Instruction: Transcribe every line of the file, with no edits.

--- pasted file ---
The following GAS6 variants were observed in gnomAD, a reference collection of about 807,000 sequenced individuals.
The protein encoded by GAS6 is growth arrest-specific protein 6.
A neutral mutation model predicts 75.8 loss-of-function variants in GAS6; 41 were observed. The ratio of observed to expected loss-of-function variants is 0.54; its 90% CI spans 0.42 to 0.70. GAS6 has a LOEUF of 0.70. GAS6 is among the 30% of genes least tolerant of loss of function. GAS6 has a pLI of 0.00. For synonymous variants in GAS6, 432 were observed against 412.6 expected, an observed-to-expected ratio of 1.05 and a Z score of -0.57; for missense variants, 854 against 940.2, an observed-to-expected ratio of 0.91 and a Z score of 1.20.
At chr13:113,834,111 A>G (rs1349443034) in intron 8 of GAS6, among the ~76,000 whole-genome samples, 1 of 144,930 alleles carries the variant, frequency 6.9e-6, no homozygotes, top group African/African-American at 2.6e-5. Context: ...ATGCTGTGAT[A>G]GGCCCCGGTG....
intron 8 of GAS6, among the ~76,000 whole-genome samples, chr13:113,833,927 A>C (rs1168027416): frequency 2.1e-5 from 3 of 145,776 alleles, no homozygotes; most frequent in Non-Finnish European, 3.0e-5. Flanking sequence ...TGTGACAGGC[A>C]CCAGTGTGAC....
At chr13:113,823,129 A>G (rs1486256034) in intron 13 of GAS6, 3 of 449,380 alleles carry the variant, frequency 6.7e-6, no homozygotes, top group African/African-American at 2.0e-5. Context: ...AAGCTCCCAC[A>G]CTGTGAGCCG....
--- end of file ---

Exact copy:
The following GAS6 variants were observed in gnomAD, a reference collection of about 807,000 sequenced individuals.
The protein encoded by GAS6 is growth arrest-specific protein 6.
A neutral mutation model predicts 75.8 loss-of-function variants in GAS6; 41 were observed. The ratio of observed to expected loss-of-function variants is 0.54; its 90% CI spans 0.42 to 0.70. GAS6 has a LOEUF of 0.70. GAS6 is among the 30% of genes least tolerant of loss of function. GAS6 has a pLI of 0.00. For synonymous variants in GAS6, 432 were observed against 412.6 expected, an observed-to-expected ratio of 1.05 and a Z score of -0.57; for missense variants, 854 against 940.2, an observed-to-expected ratio of 0.91 and a Z score of 1.20.
At chr13:113,834,111 A>G (rs1349443034) in intron 8 of GAS6, among the ~76,000 whole-genome samples, 1 of 144,930 alleles carries the variant, frequency 6.9e-6, no homozygotes, top group African/African-American at 2.6e-5. Context: ...ATGCTGTGAT[A>G]GGCCCCGGTG....
intron 8 of GAS6, among the ~76,000 whole-genome samples, chr13:113,833,927 A>C (rs1168027416): frequency 2.1e-5 from 3 of 145,776 alleles, no homozygotes; most frequent in Non-Finnish European, 3.0e-5. Flanking sequence ...TGTGACAGGC[A>C]CCAGTGTGAC....
At chr13:113,823,129 A>G (rs1486256034) in intron 13 of GAS6, 3 of 449,380 alleles carry the variant, frequency 6.7e-6, no homozygotes, top group African/African-American at 2.0e-5. Context: ...AAGCTCCCAC[A>G]CTGTGAGCCG....